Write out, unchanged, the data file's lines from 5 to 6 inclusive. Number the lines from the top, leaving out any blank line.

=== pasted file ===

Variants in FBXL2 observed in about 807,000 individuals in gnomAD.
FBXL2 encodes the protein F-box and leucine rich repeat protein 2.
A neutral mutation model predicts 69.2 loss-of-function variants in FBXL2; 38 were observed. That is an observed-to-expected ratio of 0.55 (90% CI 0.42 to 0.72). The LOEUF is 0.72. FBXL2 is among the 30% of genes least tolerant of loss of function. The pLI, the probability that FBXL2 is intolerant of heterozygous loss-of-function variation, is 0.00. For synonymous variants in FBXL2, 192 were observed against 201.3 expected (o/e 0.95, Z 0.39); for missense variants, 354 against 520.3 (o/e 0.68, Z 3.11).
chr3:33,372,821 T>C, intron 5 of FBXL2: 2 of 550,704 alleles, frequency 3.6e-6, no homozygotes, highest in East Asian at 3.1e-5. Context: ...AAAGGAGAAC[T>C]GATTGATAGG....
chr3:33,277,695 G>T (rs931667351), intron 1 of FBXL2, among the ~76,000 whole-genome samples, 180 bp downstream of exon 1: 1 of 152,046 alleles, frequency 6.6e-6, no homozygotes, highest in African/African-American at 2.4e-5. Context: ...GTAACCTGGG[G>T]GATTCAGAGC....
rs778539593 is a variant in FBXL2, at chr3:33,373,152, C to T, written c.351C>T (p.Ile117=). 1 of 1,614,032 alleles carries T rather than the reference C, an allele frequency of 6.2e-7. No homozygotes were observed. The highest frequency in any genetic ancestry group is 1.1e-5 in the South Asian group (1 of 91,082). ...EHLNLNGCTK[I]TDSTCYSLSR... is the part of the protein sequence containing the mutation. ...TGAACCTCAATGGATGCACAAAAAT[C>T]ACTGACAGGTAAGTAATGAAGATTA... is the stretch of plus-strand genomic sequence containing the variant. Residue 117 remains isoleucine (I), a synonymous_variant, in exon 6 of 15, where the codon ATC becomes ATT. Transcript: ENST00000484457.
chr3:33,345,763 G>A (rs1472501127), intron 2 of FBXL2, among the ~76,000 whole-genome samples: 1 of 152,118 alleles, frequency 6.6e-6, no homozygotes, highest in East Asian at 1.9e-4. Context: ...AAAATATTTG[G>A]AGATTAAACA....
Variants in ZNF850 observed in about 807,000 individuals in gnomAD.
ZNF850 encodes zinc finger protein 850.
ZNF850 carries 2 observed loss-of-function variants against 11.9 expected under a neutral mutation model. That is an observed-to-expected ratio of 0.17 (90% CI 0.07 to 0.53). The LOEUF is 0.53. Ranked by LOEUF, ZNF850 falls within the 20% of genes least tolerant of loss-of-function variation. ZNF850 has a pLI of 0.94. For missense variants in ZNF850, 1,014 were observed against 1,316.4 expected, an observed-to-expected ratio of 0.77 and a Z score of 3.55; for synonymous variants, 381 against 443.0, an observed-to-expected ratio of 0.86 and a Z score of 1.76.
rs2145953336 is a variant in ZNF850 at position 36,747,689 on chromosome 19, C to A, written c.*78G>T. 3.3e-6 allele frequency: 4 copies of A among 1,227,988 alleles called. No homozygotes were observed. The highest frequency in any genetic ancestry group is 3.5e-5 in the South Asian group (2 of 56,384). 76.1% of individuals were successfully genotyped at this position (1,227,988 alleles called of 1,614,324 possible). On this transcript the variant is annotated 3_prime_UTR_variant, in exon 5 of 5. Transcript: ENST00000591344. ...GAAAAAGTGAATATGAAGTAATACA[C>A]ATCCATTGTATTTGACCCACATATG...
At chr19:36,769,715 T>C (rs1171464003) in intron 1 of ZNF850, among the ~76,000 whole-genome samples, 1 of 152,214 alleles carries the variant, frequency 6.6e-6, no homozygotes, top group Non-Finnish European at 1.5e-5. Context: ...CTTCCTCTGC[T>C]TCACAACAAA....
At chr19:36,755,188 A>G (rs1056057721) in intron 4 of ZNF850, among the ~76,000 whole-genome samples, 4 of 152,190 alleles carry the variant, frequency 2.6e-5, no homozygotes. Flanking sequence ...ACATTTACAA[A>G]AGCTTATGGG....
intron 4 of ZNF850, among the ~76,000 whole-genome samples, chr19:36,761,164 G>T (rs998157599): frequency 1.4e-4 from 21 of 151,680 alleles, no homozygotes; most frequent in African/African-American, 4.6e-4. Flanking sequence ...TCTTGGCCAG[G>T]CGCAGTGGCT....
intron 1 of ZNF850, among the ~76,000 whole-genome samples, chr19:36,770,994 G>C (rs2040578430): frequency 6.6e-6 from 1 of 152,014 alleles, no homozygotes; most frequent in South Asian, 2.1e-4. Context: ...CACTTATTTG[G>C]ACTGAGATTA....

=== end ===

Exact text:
chr3:33,277,695 G>T (rs931667351), intron 1 of FBXL2, among the ~76,000 whole-genome samples, 180 bp downstream of exon 1: 1 of 152,046 alleles, frequency 6.6e-6, no homozygotes, highest in African/African-American at 2.4e-5. Context: ...GTAACCTGGG[G>T]GATTCAGAGC....
rs778539593 is a variant in FBXL2, at chr3:33,373,152, C to T, written c.351C>T (p.Ile117=). 1 of 1,614,032 alleles carries T rather than the reference C, an allele frequency of 6.2e-7. No homozygotes were observed. The highest frequency in any genetic ancestry group is 1.1e-5 in the South Asian group (1 of 91,082). ...EHLNLNGCTK[I]TDSTCYSLSR... is the part of the protein sequence containing the mutation. ...TGAACCTCAATGGATGCACAAAAAT[C>T]ACTGACAGGTAAGTAATGAAGATTA... is the stretch of plus-strand genomic sequence containing the variant. Residue 117 remains isoleucine (I), a synonymous_variant, in exon 6 of 15, where the codon ATC becomes ATT. Transcript: ENST00000484457.